DOHA // Qatar is paying for the construction in Dushanbe, the capital of the central Asian state of Tajikistan, of what will be one of the largest mosques in the world. Construction of the mosque, designed to accommodate up to 150,000 worshippers, began this week and is due to continue until 2014. Local reports suggest the building will cost tens of millions of dollars. At the televised start of the project, the Tajik president, Emomali Rakhmon, said the mosque should unite people and must not be allowed to foster extremism or be used as "a platform for non-traditional and alien ideas".
"It must not become a place for the propaganda of enmity, hatred and extremism with the goal of breaking apart our society," he said. A UAE-based firm, Adnan Saffarini, will build the mosque in the country of 7.3 million people, 90 per cent of whom are Muslims. According to Hady Amr, the director of the Brookings Doha Centre, a political research institute, Qatar's decision to fund the mosque shows the peninsular nation is keen to extend its sphere of influence beyond the Middle East.
"Qatar is a very small country and they don't have a significant military presence, nor do they want to have one, so their primary form of advancing their own society is through improving the quality of their relationships," he said. Mr Amr said Qatar's main foreign policy focus was on Saudi Arabia and Iran and the nations that bordered them, but added it was keen to strengthen links with countries further afield.
"As Qatar's global influence grows, it can focus not just on the immediate concerns of Saudi Arabia and Iran, but on the next level," he said. "This includes nearby countries like Syria, Iraq, Jordan, Lebanon and Egypt and the next tier, which includes countries like Tajikistan, Afghanistan and others." (Tajikistan's borders touch China, Pakistan and Afghanistan - but not Iran). Qatar is currently building its own State Mosque in Doha at a cost estimated in reports at between US$77 million and $115m (Dh282.8m to Dh422.4m). This will have space for 20,000 worshippers.
Mr Amr said this project, rather than the building of a mosque in Tajikistan, was a sufficient demonstration to a domestic audience of the leadership's commitment to Islam. "I don't think [the Tajikistan mosque] is to placate domestic concerns," he said. "I think it's simply an effort to project and to build a more co-operative relationship with a country that's relevant to the political and military power balance Qatar finds itself in."
However, he said if the decision to fund the mosque in Tajikistan was in fact partly to cater to a domestic Islamic audience, it was "a brilliant" project, as it showed the country's commitment to Islam, but would not alienate western powers such as the United States. "It's a clean, benevolent thing to do," he said. Qatar, he said, placed great importance on the significance of large statement buildings, its French embassy, for example, having one of the most prestigious addresses in Paris, on the Champs Elysees.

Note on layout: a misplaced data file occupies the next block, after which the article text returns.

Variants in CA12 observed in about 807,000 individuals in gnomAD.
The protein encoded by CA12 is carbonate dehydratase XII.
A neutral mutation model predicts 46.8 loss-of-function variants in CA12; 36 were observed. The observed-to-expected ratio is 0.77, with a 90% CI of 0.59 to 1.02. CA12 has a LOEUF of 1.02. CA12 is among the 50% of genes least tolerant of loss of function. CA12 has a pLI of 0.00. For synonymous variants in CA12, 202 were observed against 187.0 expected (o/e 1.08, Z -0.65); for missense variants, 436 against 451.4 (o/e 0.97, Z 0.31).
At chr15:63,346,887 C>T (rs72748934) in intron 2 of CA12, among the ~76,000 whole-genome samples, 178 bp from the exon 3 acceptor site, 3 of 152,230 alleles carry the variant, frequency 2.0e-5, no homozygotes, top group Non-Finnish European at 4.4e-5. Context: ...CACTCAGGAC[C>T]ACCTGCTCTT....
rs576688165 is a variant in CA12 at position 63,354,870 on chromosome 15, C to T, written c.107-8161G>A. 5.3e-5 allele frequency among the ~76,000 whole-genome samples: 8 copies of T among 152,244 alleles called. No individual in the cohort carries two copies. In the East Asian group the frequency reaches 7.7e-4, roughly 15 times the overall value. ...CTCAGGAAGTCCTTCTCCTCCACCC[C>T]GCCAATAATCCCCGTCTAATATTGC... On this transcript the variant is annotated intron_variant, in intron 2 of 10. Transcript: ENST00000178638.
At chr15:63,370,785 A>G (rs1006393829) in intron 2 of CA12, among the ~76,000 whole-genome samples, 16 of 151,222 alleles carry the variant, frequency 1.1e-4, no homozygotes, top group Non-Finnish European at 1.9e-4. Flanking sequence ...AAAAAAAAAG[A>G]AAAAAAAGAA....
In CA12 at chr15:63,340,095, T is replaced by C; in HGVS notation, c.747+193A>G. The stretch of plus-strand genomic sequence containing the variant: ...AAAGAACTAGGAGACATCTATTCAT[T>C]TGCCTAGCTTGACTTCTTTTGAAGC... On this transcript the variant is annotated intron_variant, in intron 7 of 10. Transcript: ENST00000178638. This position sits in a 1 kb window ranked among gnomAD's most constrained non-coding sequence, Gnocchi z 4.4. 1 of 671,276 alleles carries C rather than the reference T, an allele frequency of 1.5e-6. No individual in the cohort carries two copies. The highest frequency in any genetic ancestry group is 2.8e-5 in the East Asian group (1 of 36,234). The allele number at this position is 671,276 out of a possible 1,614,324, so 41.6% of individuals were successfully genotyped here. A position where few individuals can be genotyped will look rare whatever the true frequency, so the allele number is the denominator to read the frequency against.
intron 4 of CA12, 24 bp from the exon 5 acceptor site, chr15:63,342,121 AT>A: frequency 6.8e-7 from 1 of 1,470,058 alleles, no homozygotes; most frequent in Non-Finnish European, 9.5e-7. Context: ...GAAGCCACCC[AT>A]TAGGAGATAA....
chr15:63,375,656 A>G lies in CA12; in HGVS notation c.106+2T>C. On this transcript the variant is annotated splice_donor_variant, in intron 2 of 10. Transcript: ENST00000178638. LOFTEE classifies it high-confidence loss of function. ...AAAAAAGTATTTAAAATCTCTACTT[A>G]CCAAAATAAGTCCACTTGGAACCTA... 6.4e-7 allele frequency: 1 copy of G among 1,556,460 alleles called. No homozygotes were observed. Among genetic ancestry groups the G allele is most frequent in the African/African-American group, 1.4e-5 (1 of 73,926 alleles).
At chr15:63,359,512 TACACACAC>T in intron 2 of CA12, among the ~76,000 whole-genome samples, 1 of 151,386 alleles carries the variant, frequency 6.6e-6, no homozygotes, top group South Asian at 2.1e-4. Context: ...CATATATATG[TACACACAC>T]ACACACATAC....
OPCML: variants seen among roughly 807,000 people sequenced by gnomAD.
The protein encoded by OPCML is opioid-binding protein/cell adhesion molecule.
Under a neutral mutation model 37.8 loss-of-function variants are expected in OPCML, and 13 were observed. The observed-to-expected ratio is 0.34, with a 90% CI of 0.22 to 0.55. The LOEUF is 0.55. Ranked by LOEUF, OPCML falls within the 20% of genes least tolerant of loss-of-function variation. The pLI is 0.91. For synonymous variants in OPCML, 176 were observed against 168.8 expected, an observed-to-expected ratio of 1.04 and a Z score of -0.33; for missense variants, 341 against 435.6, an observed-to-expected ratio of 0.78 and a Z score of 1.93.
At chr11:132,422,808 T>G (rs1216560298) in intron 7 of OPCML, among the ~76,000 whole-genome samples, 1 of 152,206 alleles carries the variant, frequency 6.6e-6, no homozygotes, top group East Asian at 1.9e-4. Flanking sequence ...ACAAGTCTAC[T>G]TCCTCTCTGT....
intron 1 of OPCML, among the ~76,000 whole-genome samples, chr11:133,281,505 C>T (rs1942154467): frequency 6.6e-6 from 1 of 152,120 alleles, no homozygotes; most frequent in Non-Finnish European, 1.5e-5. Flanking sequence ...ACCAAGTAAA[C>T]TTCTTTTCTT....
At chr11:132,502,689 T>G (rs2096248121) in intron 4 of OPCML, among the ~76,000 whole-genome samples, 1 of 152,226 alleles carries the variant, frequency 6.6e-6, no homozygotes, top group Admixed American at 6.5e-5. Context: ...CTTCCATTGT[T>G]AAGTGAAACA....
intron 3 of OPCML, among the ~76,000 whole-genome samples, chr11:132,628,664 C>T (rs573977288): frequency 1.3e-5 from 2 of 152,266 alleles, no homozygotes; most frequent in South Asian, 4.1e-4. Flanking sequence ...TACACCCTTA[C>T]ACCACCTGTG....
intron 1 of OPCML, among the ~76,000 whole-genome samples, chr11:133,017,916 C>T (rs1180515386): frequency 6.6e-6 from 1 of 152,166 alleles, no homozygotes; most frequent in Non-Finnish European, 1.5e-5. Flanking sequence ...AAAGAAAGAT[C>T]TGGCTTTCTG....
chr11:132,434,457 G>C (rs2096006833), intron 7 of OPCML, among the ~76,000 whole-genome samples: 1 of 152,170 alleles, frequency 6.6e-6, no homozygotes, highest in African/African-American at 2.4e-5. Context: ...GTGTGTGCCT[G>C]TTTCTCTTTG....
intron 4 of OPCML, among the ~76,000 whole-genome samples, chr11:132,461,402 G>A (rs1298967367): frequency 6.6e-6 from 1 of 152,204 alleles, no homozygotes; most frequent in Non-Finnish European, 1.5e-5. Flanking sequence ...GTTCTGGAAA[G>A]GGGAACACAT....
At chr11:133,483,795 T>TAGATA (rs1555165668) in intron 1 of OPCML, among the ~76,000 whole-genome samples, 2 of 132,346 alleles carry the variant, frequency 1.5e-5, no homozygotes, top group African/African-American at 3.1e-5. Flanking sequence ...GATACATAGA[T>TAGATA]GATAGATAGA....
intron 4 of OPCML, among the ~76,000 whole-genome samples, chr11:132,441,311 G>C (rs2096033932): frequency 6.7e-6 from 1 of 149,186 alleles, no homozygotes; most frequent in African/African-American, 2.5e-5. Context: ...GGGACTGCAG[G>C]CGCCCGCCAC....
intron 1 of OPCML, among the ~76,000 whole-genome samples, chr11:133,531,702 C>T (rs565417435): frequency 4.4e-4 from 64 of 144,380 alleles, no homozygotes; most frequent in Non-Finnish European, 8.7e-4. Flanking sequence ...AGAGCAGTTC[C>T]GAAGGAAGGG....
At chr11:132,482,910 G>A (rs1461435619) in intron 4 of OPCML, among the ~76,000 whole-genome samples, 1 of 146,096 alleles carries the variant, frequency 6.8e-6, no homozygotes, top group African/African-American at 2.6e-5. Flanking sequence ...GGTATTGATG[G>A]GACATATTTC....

There are already strong links between Qatar and Tajikistan. In 2007, Mr Rakhmon went to Qatar, while the Emir of Qatar, Shaikh Hamad bin Khalifa, made an official visit in the opposite direction later that year. It was also announced recently that the state-owned investment company Qatari Diar was investing $150m in a luxuryrproperty project in Dushanbe. According to Steven Wright, an assistant professor of international relations at Qatar University in Doha, Qatar sees developing countries such as Tajikistan as offering sound investment opportunities for its sovereign wealth fund, and further investments may follow.
Such financial ties may also provide an indication of why Qatar chose to pay for a mosque in Tajikistan, Mr Wright said. "It is conceivable that future Qatari investments in Tajikistan and similar countries' agricultural sectors will follow," he said. "In terms of the mosque, I see it as part of a basket of economic, social and political ties which are progressively strengthening between the two countries."
Mr Wright said the mosque could also be viewed as demonstrating a commitment from Qatar to the peaceful promotion of Islam outside its borders. "It's something the other Gulf states all try to do ideally," he said. According to Mark Farha, who teaches at the Georgetown School of Foreign Service in Qatar, it is not always clear that Qatar's overseas philanthropy, whether seen in the building of a mosque or in its efforts to calm international flashpoints, have wider significance linked to the country's own economic or political interests. "In their mediation in Darfur or Lebanon [for example], it's not always the case they're thinking this will benefit them," he said.
The mosque will include fountains to symbolise Tajikistan's large water reserves, and elements of traditional Tajik architecture. Other features will include a museum, library and conference halls. "The mosque will be decorated with a majestic minaret, seven painted columns, embodying the seven steps of God creating the world and the seven gates to paradise, as well as water reservoirs and fountains," a presidential spokesman said in reports.
Its building comes after the forced closure by Mr Rakhmon of dozens of unauthorised mosques in recent years. The country's military was involved earlier this year in battles with militants near the Afghan border thought to be linked to the Taliban, leading to fears that instability in Afghanistan could spill over into Tajikistan. The mosque will be larger than the Turkmenbashi mosque in neighbouring Turkmenistan, which includes excerpts from the writings of the late Turkmen president Saparmurat Niyazov, who died in 2006.
email@example.com * With additional reporting by Agence France-Presse